Meghan and Harry given traditional Maori greeting in New Zealand

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Prince Harry and Meghan talk to some schoolchildren outside Maranui Cafe.

The couple's visit to New Zealand is the last leg of their 16-day tour, their first official overseas trip, which has also taken in Australia, Fiji and Tonga.

Prince William and Prince Harry with their wives Catherine, Duchess of Cambridge, and Meghan, Duchess of Sussex.

But, all eyes were on Harry and Meghan as their smiles moved a young girl to tears as they accepted her gift and the Duke knelt to make sure his smallest and youngest fans also got their taste of Royalty.

She opted out of this important anti-sexual harassment movement simply because the British royal family can not be seen to be engaging in political movements of any kind.

The 2018 Invictus Games had come to an end in Sydney the previous day with a closing ceremony, where both Meghan and Harry made speeches.

Meghan, who describes herself as a feminist, was speaking to a group of mainly women guests in Wellington that included Prime Minister Jacinda Ardern. Before he addressed the audience in NZ, Harry had said that he wishes a little princess is on her way.

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Standing in front of a large portrait of the Queen, Meghan said the women of New Zealand who fought for their right to vote were "universally admired".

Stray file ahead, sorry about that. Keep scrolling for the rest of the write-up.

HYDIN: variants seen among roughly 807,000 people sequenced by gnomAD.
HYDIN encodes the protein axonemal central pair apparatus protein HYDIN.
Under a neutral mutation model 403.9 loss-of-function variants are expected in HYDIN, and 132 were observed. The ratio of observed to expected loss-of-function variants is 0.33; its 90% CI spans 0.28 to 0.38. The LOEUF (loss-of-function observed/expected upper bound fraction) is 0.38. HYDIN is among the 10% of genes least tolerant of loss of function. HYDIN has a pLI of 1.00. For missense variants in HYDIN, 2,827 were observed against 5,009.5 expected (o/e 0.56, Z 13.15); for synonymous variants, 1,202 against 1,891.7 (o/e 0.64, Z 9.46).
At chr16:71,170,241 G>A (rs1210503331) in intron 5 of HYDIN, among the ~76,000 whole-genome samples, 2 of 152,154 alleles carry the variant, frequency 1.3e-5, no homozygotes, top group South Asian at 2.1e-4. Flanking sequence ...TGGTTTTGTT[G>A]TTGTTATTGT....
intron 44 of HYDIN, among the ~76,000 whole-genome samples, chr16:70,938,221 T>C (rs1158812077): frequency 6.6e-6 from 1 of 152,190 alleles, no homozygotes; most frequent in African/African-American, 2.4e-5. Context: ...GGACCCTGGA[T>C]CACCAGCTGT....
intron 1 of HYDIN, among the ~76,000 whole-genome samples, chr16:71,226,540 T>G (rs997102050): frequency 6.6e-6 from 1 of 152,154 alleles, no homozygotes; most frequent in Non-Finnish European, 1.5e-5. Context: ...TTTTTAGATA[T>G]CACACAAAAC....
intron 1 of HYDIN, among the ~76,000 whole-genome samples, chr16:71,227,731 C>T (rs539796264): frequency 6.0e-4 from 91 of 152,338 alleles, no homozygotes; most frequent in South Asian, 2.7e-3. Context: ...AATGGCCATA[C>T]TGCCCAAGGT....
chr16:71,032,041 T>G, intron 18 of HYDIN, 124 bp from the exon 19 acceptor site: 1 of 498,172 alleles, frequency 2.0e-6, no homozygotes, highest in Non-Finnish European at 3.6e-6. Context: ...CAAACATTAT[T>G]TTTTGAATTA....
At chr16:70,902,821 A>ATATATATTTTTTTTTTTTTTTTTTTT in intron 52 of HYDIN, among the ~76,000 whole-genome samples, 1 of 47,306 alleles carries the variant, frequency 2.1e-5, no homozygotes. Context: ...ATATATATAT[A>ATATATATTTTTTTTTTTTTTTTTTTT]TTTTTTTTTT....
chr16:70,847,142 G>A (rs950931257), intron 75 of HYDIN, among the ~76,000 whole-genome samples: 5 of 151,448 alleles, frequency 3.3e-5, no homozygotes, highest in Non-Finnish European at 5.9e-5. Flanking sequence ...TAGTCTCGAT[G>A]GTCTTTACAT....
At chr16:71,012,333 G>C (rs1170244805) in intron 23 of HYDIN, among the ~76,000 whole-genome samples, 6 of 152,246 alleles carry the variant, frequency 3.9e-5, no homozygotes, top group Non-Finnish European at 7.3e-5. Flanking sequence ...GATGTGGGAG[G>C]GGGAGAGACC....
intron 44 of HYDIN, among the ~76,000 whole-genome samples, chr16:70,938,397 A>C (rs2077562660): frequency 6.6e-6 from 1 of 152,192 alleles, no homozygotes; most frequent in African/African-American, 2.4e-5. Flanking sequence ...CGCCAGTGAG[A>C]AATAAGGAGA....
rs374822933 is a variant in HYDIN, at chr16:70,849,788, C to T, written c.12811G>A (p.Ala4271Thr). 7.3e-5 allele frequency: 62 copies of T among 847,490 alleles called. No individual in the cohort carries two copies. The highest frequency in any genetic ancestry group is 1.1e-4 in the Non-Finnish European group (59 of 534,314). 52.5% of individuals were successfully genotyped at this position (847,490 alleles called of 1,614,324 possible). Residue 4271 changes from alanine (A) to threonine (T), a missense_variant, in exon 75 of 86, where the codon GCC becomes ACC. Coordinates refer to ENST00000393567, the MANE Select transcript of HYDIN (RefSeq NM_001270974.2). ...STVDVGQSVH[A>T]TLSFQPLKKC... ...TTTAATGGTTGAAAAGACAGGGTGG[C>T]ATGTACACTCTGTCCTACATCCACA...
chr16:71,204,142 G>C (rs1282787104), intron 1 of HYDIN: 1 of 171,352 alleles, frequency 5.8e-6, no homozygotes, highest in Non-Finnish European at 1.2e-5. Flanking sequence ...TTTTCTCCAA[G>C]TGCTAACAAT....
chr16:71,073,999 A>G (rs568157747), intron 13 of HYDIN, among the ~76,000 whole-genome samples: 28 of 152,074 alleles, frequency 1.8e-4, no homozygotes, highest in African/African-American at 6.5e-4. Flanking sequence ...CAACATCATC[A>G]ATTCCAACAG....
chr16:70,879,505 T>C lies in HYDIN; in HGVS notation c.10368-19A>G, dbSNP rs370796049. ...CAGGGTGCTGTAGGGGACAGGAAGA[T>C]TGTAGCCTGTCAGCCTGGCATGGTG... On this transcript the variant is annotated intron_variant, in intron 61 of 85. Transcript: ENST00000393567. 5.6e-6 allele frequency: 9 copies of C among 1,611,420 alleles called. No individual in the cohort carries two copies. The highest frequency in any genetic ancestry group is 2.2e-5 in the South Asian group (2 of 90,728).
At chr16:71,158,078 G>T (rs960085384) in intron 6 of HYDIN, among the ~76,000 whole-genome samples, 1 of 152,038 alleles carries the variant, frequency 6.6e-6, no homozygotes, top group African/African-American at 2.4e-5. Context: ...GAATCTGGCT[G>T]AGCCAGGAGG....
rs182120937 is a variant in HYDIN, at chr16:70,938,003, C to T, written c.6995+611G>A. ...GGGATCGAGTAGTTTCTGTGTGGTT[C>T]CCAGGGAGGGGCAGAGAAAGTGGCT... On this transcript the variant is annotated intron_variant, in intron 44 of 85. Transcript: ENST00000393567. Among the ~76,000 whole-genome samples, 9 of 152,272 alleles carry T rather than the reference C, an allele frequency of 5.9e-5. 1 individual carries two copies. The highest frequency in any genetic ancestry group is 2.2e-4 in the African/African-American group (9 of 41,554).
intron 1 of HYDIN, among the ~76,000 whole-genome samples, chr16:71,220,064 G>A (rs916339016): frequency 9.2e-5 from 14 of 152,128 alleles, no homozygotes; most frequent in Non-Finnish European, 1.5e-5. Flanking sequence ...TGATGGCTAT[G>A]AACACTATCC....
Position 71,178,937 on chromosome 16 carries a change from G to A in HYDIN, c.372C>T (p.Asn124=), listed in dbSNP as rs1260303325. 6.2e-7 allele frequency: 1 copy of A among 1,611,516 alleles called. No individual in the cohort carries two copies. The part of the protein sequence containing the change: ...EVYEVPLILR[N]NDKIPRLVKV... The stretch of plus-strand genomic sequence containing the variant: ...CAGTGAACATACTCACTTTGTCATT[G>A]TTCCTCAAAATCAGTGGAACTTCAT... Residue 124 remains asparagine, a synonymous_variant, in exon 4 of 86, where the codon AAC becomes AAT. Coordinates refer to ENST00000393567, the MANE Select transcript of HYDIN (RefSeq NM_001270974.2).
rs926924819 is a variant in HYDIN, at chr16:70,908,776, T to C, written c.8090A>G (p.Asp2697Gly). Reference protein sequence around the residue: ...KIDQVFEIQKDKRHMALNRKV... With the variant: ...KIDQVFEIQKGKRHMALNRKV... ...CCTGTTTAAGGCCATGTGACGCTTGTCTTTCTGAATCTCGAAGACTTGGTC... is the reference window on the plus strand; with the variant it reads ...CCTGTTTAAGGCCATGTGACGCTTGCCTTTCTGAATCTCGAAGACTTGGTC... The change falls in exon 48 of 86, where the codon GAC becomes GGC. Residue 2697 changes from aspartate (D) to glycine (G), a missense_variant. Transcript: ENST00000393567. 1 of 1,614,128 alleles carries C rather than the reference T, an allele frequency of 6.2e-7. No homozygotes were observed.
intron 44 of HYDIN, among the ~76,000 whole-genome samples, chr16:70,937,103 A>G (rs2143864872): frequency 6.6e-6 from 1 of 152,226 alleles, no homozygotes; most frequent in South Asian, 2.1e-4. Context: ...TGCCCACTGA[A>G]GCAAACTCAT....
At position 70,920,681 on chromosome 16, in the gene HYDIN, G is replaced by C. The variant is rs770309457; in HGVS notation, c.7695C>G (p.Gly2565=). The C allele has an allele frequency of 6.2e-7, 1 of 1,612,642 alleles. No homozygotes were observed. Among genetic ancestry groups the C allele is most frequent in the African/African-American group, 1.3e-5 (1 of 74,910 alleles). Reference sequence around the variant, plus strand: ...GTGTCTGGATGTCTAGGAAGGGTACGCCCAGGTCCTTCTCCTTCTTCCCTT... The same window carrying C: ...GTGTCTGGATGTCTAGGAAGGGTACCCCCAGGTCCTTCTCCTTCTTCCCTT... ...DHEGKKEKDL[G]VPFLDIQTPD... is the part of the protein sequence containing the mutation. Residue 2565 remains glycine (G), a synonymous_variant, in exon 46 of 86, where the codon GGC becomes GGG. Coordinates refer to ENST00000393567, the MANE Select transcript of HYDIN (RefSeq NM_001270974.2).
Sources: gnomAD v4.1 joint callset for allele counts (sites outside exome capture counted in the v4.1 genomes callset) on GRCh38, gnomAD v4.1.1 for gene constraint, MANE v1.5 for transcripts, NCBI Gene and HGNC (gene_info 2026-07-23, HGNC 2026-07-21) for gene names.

She ended her speech with a phrase from Kate Sheppard, the most prominent member of the women's suffrage movement in New Zealand.

Prince Harry offered 19-year-old Lucia Kennedy a job at Kensington Palace.

The southern hemisphere tour began two weeks ago with the royal couple announcing they were expecting a child.

He had a private audience with Harry and Meghan in June, after winning one of the Queen's Young Leaders Awards past year.

After arriving in Wellington Sunday to a traditional Maori welcome, including pressing noses with elders in a hongi greeting, she spoke at a reception honoring 125 years since New Zealand became the first country to give women the vote.